It’s always nice to see the President of the United States engaged in an event where the threat of bombing just refers to the possibility there may be some awkward moments of silence after having inadvertently hit the wrong comic note…
Anyway, it was another fairly deft performance at this year’s WHCA Dinner (aka the “nerd prom”) by Obama and his able team of writers.
While not nearly as brilliantly trenchant as it could have been – Stephen Colbert having set the bar almost impossibly high in that regard years ago when ironically fawning over Bush and mercilessly skewering the press with his withering sarcasm – Seth Myers competently delivered a pretty funny routine with some good lines.
Hats off, by the way, to the C-SPAN crew for cutting away from the stage and continually training their camera on Donald Trump – who was, understandably, the butt of a great many jokes at the event. Those repeated profile shots of him with a resolutely grim demeanour and the “fox on his head” were quite amusing counterpoints to the punchlines.
When sifting through the aftermath of an election and attempting to make sense of the results, a lot of pundits (and politicians) are inclined to invoke the hilarious canard that the outcome reflects “the infinite wisdom of the Canadian voters” or something equally ridiculous. That appellation however never seems to square with the declared motivations of individual voters when quizzed about their intentions and preferences.
For example, take this fellow cornered at an event today who states that he formerly voted for the Conservatives, but is presently ticked off at them for spending too much money on “frivolous things” such as the G20 and is therefore now going to throw his lot in with the Liberals in hopes they will spend less. (Good luck with that!)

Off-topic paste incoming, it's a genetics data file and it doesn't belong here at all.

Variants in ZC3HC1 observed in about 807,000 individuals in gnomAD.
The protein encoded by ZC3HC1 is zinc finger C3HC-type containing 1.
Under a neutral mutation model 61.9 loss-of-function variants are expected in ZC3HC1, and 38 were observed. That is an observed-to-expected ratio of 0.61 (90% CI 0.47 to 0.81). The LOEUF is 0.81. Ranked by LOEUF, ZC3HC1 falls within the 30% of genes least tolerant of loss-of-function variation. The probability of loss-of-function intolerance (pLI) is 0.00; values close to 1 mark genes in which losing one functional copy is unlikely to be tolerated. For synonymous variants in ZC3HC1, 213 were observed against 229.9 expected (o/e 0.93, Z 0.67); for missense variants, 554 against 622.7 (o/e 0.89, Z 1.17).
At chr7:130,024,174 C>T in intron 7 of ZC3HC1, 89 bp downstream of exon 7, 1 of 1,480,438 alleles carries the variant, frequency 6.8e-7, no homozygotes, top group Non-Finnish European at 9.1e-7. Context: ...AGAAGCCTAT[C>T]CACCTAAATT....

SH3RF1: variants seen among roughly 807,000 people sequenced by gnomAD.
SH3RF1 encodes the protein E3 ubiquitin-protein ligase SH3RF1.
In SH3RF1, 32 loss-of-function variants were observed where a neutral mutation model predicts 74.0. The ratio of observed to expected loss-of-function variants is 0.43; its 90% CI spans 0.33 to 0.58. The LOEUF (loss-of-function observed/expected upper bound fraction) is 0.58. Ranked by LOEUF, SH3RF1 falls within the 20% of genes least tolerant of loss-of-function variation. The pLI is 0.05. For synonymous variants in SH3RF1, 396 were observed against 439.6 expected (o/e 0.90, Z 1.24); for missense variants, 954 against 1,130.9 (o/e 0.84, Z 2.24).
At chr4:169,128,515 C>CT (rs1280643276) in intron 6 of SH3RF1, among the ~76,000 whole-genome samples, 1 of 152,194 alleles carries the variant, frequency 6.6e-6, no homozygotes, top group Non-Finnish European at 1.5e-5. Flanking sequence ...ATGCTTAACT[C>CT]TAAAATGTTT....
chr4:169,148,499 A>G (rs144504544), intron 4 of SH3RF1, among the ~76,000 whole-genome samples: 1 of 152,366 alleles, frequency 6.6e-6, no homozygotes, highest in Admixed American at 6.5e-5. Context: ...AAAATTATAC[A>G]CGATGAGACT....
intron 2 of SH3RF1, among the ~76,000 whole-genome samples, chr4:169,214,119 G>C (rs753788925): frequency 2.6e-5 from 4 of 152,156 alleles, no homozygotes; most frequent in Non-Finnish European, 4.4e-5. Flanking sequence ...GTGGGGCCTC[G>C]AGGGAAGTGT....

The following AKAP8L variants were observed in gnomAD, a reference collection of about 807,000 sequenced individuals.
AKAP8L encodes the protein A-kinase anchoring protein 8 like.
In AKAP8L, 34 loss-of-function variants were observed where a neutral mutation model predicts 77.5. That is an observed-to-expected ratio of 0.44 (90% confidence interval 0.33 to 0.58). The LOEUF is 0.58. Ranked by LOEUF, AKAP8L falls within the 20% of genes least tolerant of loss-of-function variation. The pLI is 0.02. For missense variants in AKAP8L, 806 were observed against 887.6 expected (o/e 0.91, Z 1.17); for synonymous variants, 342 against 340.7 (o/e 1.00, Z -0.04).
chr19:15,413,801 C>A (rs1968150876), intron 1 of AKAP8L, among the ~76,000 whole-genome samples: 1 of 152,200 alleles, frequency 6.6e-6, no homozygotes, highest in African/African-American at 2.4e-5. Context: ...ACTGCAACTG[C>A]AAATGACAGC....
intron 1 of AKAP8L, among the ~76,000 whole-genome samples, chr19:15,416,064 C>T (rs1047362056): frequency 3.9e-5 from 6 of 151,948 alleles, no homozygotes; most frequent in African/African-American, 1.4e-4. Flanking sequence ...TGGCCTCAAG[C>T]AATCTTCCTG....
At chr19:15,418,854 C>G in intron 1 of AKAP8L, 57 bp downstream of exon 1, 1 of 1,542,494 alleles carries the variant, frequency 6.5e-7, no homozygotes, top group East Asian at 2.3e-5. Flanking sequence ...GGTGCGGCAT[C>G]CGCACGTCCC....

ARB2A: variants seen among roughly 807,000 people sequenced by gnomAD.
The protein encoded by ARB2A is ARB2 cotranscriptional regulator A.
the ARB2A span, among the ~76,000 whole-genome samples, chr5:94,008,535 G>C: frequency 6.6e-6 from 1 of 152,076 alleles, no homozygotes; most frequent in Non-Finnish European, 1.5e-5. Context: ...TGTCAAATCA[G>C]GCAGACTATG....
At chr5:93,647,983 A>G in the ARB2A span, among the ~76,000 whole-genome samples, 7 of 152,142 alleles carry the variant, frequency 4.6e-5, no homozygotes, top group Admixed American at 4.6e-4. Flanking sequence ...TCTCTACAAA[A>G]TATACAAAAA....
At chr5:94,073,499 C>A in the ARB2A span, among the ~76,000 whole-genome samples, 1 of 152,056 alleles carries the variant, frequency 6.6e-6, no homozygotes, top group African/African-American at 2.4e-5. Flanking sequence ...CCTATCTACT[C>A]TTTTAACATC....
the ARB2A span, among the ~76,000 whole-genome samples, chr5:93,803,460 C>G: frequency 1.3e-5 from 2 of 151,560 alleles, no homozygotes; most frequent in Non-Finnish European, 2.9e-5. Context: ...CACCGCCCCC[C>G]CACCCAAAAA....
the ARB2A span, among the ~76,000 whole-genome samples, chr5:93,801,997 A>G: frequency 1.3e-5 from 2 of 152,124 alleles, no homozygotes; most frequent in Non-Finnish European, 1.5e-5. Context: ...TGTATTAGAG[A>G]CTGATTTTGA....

As dubious as the foregoing reason may be, there are many that are infinitely worse and more fantastically stupid. For example, I spoke with an elderly man today who’s reason for voting for Stephen Harper was twofold: 1) he thought that the “other guys” would take away his pension; and 2) he was impressed by the fact that Harper had given money to the Japanese for tsunami relief (or as he put it, “that thing that happened”) whereas, he felt, the “other guys” would have “kept it all for themselves.”
Where does one even to begin when dealing with such “infinite wisdom”?
The timing of this foolish distraction is fairly suspect, to say the least. Does anyone think for a moment that the Sun didn’t have this story in their back pocket all along? That they chose to drop it two days before the election indicates the frantic last-minute desperation of the Conservative Party media to derail the NDP and their dreaded “socialist hordes” as much as anything else.
By the way, doesn’t getting a “rub and tug” in a cathouse pretty much describe the daily activities of the Sun’s pundits (sometimes laughingly referred to with great irony as “journalists”)?
p.s. Does anyone else think that it’s totally weird that Sun TV thought it necessary to dramatically interrupt their regular programming with this “breaking news” about an “exclusive” non-story from 16 years ago?